That was a very long winded way of me saying, please don't take anything I write as a personal slight. Please don't feel that I'm trying to say 'I belong to the moral high group and look with contempt on any of you'. That's not how I feel. But I will say what has depressed me thoroughly about the present state of affairs. Plenty of people voted to leave because of well thought out reasons that I just don't happen to agree with. This is not a 'everyone who voted to leave is a racist' article. But let's be honest about this - a LOT of people voted for Brexit because they have a problem with immigration and immgrants. I've seen it on facebook, I've heard it in pubs, I've heard it in conversations after gigs, I've seen it on TV, I've heard it on the radio - it is everywhere. I can't deny I do find this attitude rather sad and rather distasteful. Maybe one of the problems is I have never really understood patriotism to any great extent. I've been to many countries now and each and every one has aspects I love and aspects I don't. The UK is no different and I've never really understood why not declaring how much you love your country or how much better your country is than everywhere else is such a crime. I am only really interested in whether people, wherever they are from, are good people or not. I've never understood why foreign cultures coming into Britain is any kind of threat if I'm honest. I've been attacked on facebook a couple of times by people saying I'm a poncy middle class tosser who doesn't understand the problems people face. Not exactly constructive but let me respond - Stafford is not exactly immigrant free! And for six years I lived in Newcastle and three of those were spent in a heavily Asian-populated area of the city. The apparent ghettos where whites dare not go were not what I saw and hell if anyone was going to fall victim to some kind of attack it might have been me - white, usually carrying an instrument, long hair, obviously a dreamy student. My memory was of going to the oriental food store on Brighton Grove and getting curry recipes from the owner - surely an example of multiculturalism at its finest? I'm not saying assimilation isn't a problem, in many places it is, but it is not insurmountable. And of course this is all ignoring the fact that immigrants contribute a great deal socially, economically and the jobs that they do. Intolerance and suspicion of the other is not the country I want to live in and not the country I know.


So undoubtedly the thing that depresses me most is that so many people have lurched to the anti-immigration right. But deeply depressing is the state of our politics and the chaos that this has caused. It's depressing enough that people voted on the basis of anti-immigration rhetoric but more depressing is the fact that they really weren't aware what they were voting for. Again, I'm not trying to be patronising here and I'm not trying to say this applies to everyone but the number of people who voted Brexit because they thought that meant the end of immigration or the beginning of the chucking out of the Poles etc is seriously depressing. The disgraceful abuse that immigrants have received since the referendum and the shameful placard in Newcastle suggesting that repatriation begin have made me very sad. It was probably a cherry picked example admittedly, but just listen to the Barnsley man on Channel 4 who voted leave because he thought it would mean the end of immigration from Syria and Iraq! Then again that poster of Mr Farage's might have played a part in that...Politicians knew damn well that access to the single market, which is the one thing most people agree is essential, would not be possible without free movement of people. It's bad enough there are that many racists but even worse that so many of them are that daft they don't understand that brexit doesn't mean what they want!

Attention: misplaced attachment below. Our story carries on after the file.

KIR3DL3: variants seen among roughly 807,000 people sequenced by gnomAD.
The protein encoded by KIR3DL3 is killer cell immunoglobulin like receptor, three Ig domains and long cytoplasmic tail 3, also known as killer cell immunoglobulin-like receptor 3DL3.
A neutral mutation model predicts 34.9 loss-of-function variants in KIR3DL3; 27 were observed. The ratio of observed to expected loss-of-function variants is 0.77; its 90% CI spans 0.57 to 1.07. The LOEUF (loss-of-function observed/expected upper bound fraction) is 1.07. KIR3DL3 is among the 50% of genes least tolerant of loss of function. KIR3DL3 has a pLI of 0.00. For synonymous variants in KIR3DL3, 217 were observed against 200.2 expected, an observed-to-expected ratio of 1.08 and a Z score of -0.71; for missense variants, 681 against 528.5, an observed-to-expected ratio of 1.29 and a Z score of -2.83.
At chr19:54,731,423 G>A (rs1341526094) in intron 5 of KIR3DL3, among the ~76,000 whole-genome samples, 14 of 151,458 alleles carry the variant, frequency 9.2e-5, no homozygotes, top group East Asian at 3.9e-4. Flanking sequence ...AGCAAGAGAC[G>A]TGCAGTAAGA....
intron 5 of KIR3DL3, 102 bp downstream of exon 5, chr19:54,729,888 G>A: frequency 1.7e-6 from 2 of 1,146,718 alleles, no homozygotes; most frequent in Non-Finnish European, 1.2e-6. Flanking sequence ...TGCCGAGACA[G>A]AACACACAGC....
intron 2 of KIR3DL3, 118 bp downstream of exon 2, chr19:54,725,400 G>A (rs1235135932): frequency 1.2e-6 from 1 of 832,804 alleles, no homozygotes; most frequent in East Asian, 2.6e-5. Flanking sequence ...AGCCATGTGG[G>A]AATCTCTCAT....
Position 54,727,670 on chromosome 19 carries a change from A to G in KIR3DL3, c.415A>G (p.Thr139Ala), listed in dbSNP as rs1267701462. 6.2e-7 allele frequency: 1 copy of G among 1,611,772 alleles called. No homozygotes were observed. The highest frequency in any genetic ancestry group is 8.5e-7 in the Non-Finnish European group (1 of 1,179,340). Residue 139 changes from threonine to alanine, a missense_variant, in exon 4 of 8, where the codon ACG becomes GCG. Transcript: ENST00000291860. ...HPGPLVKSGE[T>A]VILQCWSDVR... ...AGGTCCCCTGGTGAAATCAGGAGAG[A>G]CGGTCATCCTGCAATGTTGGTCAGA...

And why did all this happen? Why did this referendum happen in the first place? David Cameron saw a way to appease the right wing of his party and UKIP voters and secure more votes. He was pretty convinced the public wouldn't vote out, well that worked well. And who campaigned for the leave campaign? Boris Johnson and Michael Gove. Ardent eurosceptics? Yeah right. An opportunity to undermine David Cameron in the jousting to become Tory leader so they took it - the look of surprise and bewilderment on Boris when Brexit actually won said it all. And now they've even backstabbed each other! This referendum happened because of political games. What is rapidly becoming a vast majority of MPs are from public schools where they are taught to be politicians, they are not taught about how it affects the wider world. I'm not being an inverted snob - I've no issue with people from public schools but that is what Westminster is. Just watch Prime Minister's Questions and the Punch and Judy name calling that goes on. Just look at how many have gone straight from university into politics. If it is the property of an elite you will get a detatchment from the general public, simple as that. This referendum and the chaos that followed happened because of political jousting and the battle for power and look what it has caused.